UNDERSTAND SICK LEAVE

Paid Sick Leave

Q. Who is eligible for paid sick leave?

Private sector employers with up to 500 employees and government employers are required to provide two weeks of paid sick leave (some restrictions may apply).  This benefit must replace all of the wages for an employee if he or she is sick or seeking a diagnosis, up to $511 a day.  If that employee is caring for another individual who is sick, the benefit must replace at least two-thirds of the employee’s wages up to a maximum benefit of $200 per day.

Those employers are eligible for a tax credit to offset this cost 100%.  Some employees, if deemed essential, may not be eligible for claiming leave.

For employers, Treasury Secretary Mnuchin has said rather than making businesses wait for a tax credit long in the future, he will allow businesses to reclaim the cash they paid to the IRS this quarter and to keep the cash they would have paid in payroll taxes in the months ahead.  Soon the IRS will be posting information about these credits on its website, including information on how to obtain advance payment of these credits.

Q. Is there expanded support for Family and Medical Leave?

Private sector employers with up to 500 employees and most government employers must offer up to 12 weeks of job-protected leave under the Family and Medical Leave Act (FMLA) for their employees unable to work or telework to take care of their children off from school, with some exceptions.  The first 10 days of this is unpaid, though workers can choose to use accrued vacation days, personal leave or other available paid leave for this time off.

Following that 10-day period, workers receive at least two-thirds of their normal pay rate, up to $200/day or $10,000 total.

Covered employers are eligible for a tax credit to offset this cost 100% and some companies under 50 employees may file for an exemption.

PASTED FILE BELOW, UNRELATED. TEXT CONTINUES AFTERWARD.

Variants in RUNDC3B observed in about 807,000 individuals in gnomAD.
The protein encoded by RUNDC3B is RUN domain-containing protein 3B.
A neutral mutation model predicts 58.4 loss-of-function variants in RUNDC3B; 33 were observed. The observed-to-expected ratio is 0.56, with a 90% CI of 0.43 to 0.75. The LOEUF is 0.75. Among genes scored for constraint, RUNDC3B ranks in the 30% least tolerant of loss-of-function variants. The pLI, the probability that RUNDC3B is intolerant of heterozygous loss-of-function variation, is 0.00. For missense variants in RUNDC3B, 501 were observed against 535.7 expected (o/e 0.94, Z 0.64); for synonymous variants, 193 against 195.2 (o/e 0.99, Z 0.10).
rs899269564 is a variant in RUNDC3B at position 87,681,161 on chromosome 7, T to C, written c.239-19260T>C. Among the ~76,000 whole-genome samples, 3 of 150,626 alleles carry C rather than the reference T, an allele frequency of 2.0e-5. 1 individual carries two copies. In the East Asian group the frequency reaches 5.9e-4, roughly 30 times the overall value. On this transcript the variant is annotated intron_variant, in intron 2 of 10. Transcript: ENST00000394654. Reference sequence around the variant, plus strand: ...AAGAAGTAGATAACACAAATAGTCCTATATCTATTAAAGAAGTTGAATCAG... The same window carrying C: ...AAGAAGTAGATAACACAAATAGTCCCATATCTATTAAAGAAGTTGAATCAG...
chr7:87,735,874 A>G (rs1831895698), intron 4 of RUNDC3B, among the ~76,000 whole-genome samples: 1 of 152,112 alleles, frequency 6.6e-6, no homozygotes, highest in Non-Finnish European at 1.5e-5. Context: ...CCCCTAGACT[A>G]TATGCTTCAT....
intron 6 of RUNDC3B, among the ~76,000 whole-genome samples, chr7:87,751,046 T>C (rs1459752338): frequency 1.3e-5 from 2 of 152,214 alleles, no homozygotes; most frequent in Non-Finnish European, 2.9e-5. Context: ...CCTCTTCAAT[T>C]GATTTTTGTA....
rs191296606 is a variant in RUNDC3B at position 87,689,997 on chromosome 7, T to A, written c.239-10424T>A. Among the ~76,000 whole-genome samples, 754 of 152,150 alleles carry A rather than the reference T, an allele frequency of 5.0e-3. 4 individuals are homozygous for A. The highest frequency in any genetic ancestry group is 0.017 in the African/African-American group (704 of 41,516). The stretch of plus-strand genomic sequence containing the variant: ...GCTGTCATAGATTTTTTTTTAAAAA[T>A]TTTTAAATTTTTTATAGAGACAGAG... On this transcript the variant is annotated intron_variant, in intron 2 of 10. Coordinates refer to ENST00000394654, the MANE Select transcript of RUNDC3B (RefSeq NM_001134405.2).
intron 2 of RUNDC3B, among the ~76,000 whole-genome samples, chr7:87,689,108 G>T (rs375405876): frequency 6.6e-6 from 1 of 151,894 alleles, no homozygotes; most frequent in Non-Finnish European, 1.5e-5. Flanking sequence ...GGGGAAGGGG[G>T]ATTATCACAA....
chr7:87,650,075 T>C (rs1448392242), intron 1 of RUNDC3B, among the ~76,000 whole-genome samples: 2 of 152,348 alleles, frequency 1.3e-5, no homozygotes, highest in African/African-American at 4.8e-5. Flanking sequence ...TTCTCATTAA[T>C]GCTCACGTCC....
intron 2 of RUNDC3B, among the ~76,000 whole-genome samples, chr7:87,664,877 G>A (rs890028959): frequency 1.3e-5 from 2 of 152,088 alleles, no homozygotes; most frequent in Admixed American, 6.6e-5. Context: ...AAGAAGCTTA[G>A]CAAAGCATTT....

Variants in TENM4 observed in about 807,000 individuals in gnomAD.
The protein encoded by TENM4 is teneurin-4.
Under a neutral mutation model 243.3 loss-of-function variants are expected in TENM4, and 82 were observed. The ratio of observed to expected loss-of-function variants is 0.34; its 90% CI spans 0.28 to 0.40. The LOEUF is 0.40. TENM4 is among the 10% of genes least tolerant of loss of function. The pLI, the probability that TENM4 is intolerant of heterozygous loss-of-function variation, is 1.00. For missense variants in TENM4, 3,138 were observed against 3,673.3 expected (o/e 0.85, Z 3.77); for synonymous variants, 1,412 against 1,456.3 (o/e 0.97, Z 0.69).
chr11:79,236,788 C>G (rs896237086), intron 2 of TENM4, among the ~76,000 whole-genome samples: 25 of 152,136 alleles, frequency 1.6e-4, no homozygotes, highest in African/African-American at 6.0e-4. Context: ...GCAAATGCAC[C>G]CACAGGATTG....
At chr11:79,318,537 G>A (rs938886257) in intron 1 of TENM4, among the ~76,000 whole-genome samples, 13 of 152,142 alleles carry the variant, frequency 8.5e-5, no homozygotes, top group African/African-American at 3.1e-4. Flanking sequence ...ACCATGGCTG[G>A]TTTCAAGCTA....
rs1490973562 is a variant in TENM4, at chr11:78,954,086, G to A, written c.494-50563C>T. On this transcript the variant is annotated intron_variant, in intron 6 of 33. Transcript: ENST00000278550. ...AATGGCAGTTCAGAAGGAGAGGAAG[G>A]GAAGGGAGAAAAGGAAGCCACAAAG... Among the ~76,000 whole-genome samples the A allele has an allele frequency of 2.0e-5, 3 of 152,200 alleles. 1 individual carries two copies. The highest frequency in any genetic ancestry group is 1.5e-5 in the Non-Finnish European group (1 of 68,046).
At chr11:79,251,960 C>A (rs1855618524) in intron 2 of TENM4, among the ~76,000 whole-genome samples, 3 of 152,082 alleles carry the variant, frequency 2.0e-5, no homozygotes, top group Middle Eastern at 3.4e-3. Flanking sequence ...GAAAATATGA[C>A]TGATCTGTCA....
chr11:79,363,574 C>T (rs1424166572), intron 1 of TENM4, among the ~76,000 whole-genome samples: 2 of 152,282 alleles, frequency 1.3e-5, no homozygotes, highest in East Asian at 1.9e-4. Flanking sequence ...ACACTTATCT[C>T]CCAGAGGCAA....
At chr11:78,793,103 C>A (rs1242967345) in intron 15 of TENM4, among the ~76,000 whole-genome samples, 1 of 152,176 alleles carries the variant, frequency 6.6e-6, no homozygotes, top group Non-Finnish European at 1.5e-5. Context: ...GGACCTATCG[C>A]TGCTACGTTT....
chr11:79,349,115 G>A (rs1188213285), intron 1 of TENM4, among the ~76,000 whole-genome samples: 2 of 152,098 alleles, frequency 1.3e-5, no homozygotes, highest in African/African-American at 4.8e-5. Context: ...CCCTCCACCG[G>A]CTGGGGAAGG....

For employers, Treasury Secretary Mnuchin has said rather than making businesses wait for a tax credit long in the future, he will allow businesses to reclaim the cash they paid to the IRS this quarter and to keep the cash they would have paid in payroll taxes in the months ahead.  The IRS will be posting information soon on these credits on its website, including information on how to obtain advance payment of these credits.

Q. What if I am self-employed?

Self-employed Pennsylvanians and those working in the gig economy will receive the credit, even though they do not technically receive leave benefits through paid sick and family leave mandates.  Congress recently passed legislation that provides arefundable income tax credit in an amount of what self-employed workers would have otherwise received if they had been an employee receiving paid leave benefits.  For a covered day that a self-employed Pennsylvanian could not work, they can claim a “rough justice” credit in the amount of their average daily self-employment income for the year and can reduce their estimated quarterly tax payments in anticipation of this credit.

Q. What if I work at a non-profit?

Non-profit employers (subject to the same limitations) are covered by these leave policies and will still benefit from the credit, despite being tax exempt.  This is a credit against payroll taxes, which both nonprofit and for-profit employers pay.

For more information on leave, see this recently released FAQ from the Department of Labor on implementation guidance on paid leave and family and medical leave.